What are the Basics of Annuities?

Annuities are financial products/contracts generally sold by insurance companies to protect an investor’s assets against downside market risk and long life expectancies. Investors have to pay premiums/fees in order to secure the guarantees. Annuities are very important investment instruments, and can be an indispensable part of your overall investment portfolio. Keep in mind that annuities are very aggressively marketed, and it is very important to understand exactly how they work. Continue reading...

What is the “Life Only” Option on Annuities?

Choosing the “Life Only” option will turn your annuity balance into income that will be paid only to you, and will last only as long as you live. Annuities can be turned into income streams that are guaranteed to either remain the same or to increase based on an inflation-adjustment rider. The payout rate will be determined based on the length of the annuitant’s life expectancy, the amount being converted to income, whether annual increases are part of the contract, and what provisions are made for beneficiaries or joint annuitants. Continue reading...

Can I Take a Loan From my Cash-Balance Plan?

The IRS permits such loans, but it is rare to find a plan that allows it. In the vast majority of cases, you cannot. Though the IRS permits it, the administrative burden of a defined benefit plan is already significant for an employer, and it is much more likely that they will not make a provision for loans in the plan document. As far as the IRS is concerned, generally speaking, these plans have the same rules as other qualified plans. If a small partnership or LLC with a cash balance plan wants to put loan provisions into their plan document, they can do it. Continue reading...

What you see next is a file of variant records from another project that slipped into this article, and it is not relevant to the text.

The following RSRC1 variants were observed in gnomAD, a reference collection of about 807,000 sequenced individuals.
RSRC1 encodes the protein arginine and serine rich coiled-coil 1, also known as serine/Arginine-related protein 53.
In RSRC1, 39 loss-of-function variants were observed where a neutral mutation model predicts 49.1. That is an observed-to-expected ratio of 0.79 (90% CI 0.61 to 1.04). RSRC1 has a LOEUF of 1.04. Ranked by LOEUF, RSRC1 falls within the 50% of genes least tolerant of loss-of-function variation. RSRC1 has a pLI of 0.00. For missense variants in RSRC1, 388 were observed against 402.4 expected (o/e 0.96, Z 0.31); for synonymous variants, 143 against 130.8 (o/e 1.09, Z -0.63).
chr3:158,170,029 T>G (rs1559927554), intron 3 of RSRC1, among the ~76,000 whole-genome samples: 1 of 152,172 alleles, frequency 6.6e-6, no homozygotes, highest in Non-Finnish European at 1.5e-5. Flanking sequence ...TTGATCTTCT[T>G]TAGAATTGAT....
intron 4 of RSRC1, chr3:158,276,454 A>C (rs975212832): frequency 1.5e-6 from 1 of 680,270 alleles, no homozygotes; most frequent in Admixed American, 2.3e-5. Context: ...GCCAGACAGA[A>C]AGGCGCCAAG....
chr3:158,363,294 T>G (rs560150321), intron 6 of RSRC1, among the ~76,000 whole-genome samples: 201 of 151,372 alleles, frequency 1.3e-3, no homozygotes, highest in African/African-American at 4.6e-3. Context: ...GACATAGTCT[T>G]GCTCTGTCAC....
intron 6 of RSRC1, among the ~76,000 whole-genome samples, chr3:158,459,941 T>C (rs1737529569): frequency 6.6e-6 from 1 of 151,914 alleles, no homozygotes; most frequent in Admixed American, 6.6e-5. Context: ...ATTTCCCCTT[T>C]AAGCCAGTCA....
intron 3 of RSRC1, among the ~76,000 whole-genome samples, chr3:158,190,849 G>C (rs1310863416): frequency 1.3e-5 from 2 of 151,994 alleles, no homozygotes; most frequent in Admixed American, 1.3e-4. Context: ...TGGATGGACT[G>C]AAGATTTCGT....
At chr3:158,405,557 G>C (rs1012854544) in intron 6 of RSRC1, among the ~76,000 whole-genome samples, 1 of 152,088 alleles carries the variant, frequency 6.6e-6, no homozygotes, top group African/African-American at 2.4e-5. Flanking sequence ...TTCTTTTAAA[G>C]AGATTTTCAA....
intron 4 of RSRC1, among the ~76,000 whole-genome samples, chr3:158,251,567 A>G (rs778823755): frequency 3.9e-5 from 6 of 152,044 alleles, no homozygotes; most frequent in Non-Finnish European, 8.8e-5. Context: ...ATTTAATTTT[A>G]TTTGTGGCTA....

What is Income Tax Payable?

Income Tax Payable is an account on a company’s ledger where they reserve amounts that will be used to pay the tax liability in the current quarter or year. This account tends to be separate from payroll taxes and sales taxes. This account will typically be empty at the end of the fiscal year. Corporations must pay income taxes based on their gross income, and the funds to pay them are held in the Income Tax Payable account on their company ledger. Continue reading...

What is IRS Publication 334, Tax Guide for Small Business?

IRS Link to Publication — Found Here The Tax Guide for Small Businesses is a 50-page booklet designed to help small businesses navigate the forms and publications needed to file their taxes. There are many nuances to filing small business taxes, and many kinds of small businesses, so this form comes into use quite often. The Tax Guide for Small Businesses includes instructions and a list of documents and forms which will help small businesses file their taxes. Continue reading...

What is the Broadening Wedge Descending (Bearish) Pattern?

What is the Broadening Wedge Descending (Bearish) Pattern?